iStock/elenaleonovaWith (super-fun!) filters on Snapchat, you might pass time or kill boredom by taking quick shots with puppy ears or hearts around your noggin. While sending those funny photos to your friends that disappear within five seconds is probably okay, psychologist Sarah Schewitz, PsyD, says that if you're posting these me-and-only-me photos on Facebook or Twitter, you might give people the idea that you're full of yourself. "While selfies have become more common, there is a time and a place for them. It's perfectly appropriate for you to have a picture of you by yourself as your profile photo. However, if every single picture you are posting on social media (or even if more than half of the pictures you post) are of you, by yourself, looking pretty or checking out your abs in the mirror, you are definitely going to come across as conceited," she says. "There is so much more to you than just a pretty face or rock hard abs. Show us that too!" Check out these surprising facts about selfies.
Your tone matters (and shows)
iStock/xijianIt's not always easy to read between the thin lines of text on Facebook or to express how you really feel (with proper punctuation) in 140 characters. Because of this, commenting can be tricky, as you can inadvertently come across as snippy just by using a period instead of an exclamation mark. "People can get a sense of your personality and how you treat others by the way that you phrased your comments. Are you kind and positive or rude and demeaning when you comment?" Schewitz says. One way to change your social media tone is to say it out loud first, before you type it out and make it public, "I have seen a trend of people being much more cruel and rude over social media than they ever would be in person. This can give us a view of someone that is not actually accurate," Schewitz notes. Here's what you should never post about your relationship on social media.
You reveal your values
iStock/Eva-KatalinWhatever you post—or comment—can give a stranger a glimpse into what you fundamentally believe in. Though it's usually okay in a private account, if you're posting very opinionated articles on LinkedIn, you may push away possible job opportunities. "Based on your comments, a viewer can learn a lot about your beliefs and values. People can tell what you find entertaining and what you find frustrating," Schewitz explains. These are the photos to never ever post online, for safety reasons.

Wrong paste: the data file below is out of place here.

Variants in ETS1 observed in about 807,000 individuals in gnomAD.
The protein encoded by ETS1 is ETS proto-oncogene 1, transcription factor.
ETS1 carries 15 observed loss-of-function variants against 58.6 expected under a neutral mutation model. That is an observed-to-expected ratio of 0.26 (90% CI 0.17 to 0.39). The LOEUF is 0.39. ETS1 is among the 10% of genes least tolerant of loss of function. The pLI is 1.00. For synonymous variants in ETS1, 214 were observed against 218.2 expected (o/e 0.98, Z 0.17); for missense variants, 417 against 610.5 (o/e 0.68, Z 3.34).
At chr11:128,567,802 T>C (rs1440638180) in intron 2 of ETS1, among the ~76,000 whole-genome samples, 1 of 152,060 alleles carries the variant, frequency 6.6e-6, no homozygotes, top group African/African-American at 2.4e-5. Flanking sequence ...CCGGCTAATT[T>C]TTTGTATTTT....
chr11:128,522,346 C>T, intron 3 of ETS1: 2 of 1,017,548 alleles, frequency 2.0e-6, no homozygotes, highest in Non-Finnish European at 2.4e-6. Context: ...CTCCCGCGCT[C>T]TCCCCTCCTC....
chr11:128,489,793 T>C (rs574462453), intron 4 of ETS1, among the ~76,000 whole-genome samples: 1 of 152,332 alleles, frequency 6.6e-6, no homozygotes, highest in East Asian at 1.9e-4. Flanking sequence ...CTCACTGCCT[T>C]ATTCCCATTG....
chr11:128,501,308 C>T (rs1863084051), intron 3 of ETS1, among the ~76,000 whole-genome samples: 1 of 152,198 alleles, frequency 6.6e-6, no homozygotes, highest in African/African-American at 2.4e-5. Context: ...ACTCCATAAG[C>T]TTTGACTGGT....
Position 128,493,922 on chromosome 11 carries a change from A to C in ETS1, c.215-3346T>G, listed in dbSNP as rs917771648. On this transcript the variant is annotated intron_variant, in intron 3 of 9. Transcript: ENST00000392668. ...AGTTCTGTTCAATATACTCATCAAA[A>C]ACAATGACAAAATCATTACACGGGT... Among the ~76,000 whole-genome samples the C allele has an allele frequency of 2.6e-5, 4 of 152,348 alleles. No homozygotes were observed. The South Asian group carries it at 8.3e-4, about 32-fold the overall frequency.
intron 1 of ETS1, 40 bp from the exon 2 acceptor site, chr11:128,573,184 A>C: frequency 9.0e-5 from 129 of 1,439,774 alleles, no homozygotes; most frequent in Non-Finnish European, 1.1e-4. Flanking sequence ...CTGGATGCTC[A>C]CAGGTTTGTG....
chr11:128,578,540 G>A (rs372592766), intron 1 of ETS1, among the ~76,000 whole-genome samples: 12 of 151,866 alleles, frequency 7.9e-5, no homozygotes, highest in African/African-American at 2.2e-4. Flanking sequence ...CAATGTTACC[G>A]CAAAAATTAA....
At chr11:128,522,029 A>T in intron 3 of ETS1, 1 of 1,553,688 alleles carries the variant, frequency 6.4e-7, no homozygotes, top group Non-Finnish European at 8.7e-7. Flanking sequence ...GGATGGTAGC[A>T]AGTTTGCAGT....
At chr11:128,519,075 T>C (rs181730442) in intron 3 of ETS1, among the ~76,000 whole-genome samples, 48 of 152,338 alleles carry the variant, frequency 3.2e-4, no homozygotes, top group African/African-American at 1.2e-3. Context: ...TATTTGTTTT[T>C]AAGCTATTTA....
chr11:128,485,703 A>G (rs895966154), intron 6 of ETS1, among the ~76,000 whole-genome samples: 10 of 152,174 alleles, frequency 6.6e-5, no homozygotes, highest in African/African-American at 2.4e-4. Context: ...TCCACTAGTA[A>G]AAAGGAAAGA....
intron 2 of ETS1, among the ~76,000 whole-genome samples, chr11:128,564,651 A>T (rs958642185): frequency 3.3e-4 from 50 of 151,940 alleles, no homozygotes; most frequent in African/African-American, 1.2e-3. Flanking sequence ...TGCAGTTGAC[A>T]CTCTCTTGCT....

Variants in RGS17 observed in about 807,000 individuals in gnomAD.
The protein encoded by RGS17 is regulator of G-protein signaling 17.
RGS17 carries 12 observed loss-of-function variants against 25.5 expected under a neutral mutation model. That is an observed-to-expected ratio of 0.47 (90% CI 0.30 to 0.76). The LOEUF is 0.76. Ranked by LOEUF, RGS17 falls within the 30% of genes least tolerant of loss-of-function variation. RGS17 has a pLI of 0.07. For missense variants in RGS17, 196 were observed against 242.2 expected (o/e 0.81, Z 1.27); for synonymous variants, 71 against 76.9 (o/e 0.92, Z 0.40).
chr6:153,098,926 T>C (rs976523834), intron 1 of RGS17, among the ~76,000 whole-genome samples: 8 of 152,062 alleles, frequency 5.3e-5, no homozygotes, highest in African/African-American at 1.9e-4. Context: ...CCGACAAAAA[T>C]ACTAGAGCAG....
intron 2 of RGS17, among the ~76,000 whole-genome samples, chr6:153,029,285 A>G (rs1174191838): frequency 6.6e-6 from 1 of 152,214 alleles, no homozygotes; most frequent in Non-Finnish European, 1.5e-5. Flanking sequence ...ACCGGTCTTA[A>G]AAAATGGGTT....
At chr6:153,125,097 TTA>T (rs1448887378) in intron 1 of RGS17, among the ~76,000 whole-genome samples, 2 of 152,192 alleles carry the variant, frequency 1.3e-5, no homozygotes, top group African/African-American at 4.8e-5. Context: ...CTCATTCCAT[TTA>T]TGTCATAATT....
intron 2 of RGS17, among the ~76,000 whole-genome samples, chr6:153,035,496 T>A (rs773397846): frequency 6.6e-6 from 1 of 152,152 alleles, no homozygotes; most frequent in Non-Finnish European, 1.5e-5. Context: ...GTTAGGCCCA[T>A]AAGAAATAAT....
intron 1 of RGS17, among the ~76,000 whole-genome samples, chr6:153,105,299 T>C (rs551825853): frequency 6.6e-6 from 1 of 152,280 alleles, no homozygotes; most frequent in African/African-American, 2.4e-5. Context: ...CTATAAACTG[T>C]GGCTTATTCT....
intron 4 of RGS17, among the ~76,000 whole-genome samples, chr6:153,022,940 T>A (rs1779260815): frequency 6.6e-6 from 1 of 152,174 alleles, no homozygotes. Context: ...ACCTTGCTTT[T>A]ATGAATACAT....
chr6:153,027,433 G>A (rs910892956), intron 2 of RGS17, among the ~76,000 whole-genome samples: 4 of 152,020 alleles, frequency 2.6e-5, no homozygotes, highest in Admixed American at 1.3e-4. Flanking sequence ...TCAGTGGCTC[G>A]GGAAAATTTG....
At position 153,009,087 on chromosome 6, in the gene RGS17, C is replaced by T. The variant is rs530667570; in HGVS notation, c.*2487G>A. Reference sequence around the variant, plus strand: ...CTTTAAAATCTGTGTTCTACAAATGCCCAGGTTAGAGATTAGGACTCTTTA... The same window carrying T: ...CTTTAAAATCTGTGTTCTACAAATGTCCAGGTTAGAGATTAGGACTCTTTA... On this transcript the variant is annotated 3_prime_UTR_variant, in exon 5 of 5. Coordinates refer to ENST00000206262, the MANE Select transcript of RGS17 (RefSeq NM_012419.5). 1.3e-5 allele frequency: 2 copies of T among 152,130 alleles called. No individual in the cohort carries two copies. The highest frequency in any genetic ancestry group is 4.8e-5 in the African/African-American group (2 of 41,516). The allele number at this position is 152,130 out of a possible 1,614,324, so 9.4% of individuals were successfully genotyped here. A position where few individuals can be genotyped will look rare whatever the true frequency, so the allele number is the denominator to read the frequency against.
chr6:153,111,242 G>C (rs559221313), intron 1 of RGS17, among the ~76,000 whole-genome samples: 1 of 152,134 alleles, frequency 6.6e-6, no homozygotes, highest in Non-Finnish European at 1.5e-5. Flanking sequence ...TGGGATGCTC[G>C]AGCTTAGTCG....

Take time to celebrate others
iStock/LikoperThe biggest keyword in social media is "social"—meaning you should always make an effort to interact, and not just post ramblings or vacation photos. If the only way you interact with other people is to "like" when they comment on your post or to get into arguments with content you don't agree with, psychologist Nikki Martinez, PsyD, LCPC, says to make more of an effort to congratulate others or offer encouragement. "I think there are the posts that, try as we may, we cannot resist putting our two cents in. But this can be done in a positive way! It is wonderful if you are someone ready to share in someone else's joy and good news, or offer a word of encouragement," she says.
Say what you actually mean
iStock/KavutoOne foolproof way to make sure you're sending the right message to your followers, friends, and fans is to be very direct about how you feel, what you think and what matters to you. This might be easier said than done, but as psychologist Yvonne Thomas, PhD, explains, it's less likely someone will misinterpret if everything is easy to understand. "Communicate in a way that is direct, clear, and specific, since it is too easy for people to misinterpret, misunderstand, and even feel upset by things on social media. State your feelings such as, 'I am so happy now!' 'I've been having a chill, relaxing day,' etc. to help decrease the chances of people assuming or guessing what you're feeling, which frequently is incorrect," she says.
Getting into political rants can ostracize friends (even ones who agree with you)